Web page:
Glebe Graveyard, also known as Killaconenagh or Cill Achadh an Eanaigh

Travelling west, about a kilometre outside of Castletownbere, there is a small road on the right (across from the football pitch) with a sign that reads,” Cill Achadh an Eanaigh, Glebe Graveyard.” This by way meanders a couple of hundred years into the past until it reaches the Glebe Cemetery. Some of the inhabitants of this little graveyard have been interred there since the 1700’s.

Next door to the cemetery is the old rectory which is privately owned. It was once home to the remarkable Standish O’Grady. The small gate to the cemetery  is what you seek; going through the ivy clad entrance truly is like going back in time.

The place is cool, peaceful, and overgrown in places with trailing ivy and winding creepers. Some of the grave markers are so old they are little more than plain stones resting their worn heads on the green grass.

Some of the markers here are clustered together, leaning towards each other as if sharing secrets or stories.

There are so many names: Murphy, O’Sullivan, Burchill, Sullivan, Mealy, Fitzgerald, Sheehan…so many more.  Many of the surnames are those of local families who continue to live and thrive in Castletownbere as they have for generations before them, and hopefully with blessings well into the future.

Sadly there are names here that have been lost to time. The most poignant being those who were taken by the Great Famine. Just beyond the overgrown church ruins, on the north-west wall of the cemetery is a mass grave for famine victims. It’s heartbreaking to think of countless number of people who lived and loved on this beautiful peninsula, only to be buried anonymously due to overwhelming tragedy.

(the above picture is what is left of the little church on the property)

The Glebe Graveyard is a lovely, peaceful little place and well worth the visit, especially if you are seeking a connection to your roots when you come to visit Beara. Do take a moment to pause at the mass grave to let those buried there know they may have died anonymously, but have not been forgotten.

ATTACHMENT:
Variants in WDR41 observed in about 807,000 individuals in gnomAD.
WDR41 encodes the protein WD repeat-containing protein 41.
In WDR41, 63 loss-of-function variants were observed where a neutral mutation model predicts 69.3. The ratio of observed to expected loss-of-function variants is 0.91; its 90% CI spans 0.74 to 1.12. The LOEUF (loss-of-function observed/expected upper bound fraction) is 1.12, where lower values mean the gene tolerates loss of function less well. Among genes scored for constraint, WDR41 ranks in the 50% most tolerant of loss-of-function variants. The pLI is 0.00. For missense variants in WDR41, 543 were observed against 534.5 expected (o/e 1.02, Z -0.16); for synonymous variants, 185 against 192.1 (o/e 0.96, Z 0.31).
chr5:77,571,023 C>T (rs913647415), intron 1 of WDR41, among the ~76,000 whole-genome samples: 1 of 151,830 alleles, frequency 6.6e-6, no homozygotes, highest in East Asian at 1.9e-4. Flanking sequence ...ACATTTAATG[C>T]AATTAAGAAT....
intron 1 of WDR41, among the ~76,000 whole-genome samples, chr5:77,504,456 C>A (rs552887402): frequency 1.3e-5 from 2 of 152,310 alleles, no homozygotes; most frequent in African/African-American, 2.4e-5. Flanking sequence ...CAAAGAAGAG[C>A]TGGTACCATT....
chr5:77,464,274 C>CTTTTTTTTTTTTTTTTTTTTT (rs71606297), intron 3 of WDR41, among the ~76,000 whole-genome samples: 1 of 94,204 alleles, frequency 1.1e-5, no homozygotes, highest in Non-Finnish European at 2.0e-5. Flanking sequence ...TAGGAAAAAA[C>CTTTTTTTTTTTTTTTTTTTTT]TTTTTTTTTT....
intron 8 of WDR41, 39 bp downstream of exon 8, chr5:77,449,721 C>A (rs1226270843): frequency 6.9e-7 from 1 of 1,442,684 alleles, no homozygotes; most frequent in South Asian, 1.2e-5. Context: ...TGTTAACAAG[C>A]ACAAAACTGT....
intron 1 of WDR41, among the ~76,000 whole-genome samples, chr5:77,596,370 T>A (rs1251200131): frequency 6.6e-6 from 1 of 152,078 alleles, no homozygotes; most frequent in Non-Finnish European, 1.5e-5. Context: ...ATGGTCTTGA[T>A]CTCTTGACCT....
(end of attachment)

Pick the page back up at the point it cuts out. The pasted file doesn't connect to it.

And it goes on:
Suaimneas siorrai da n-anam.  May their souls have everlasting peace.

About Susanne Iles

Contemporary symbolist artist, writer,curator,and geek/nerd girl . Interested in photography, mythology, alchemy,ancient history,science,gaming and magic.
This entry was posted in Beara Peninsula, Castletown Berehaven, Castletownbere, Cemetary, Church, County Cork, Famine, Glebe, Graveyard, Historical Site, Ireland, Killaconenagh, Mass Grave, Ring of Beara, Tomb and tagged , , , , , , , , , , , , , , , , , , , . Bookmark the permalink.

4 Responses to Glebe Graveyard, also known as Killaconenagh or Cill Achadh an Eanaigh

  1. Donal O'Siodhachain says:

    Hi Susanne, beautifull piece on the graveyard as listed by Bill on Beara Roots. In fact you have inspired me to start doing the same for my own Sliabh Luachra area sometime this year. I will be 63 this year and in the last two months I have lost over a dozen friends, most of them artistic and such things do bring the reality home that personal life and time is finite.

    Any progress on your own book ? That offer of assistance still stands,
    Best regards, Donal.

  2. nina says:

    Hi Susan,
    I lived in CTB as a child…sometimes we stopped at the graveyard as kids….there were so many stories we could tell.
    Last night I dreamed of it and I had to search the net for pictures.
    Thank you!

  3. What is so sad about these mass graves and the destruction of the Catholic churches is that such mass starvation was a defacto policy of much of the Irish Ascendancy; namely, the Protestants and their creators, the foreign British government. No Protestants are buried, nameless, in the mass grave. The so-called Potato Famines were genocides; there was plenty of food in the land, but not for Catholics; Protestant “Masters” controlled the food supply, the land, the government, so the Catholics were left too starve, enmasse, while those in the Great Houses fretted, drank, and gambled. Until the Irish themselves start to acknowledge this awful truth, these quaint mass graves will cry out for justice.

  4. Marie Tierney Smith says:

    It was a genocide of the Irish people. A research of the Penal Laws on the books for over l00 years is the proof that if you persisted to keep your Catholic faith, you were doomed, and the Great Hunger was the result of the implementation of these laws. Why has the National Museum in Dublin ignored this horrific phase of Irish history – are they still subservient to the downsized British Empire?

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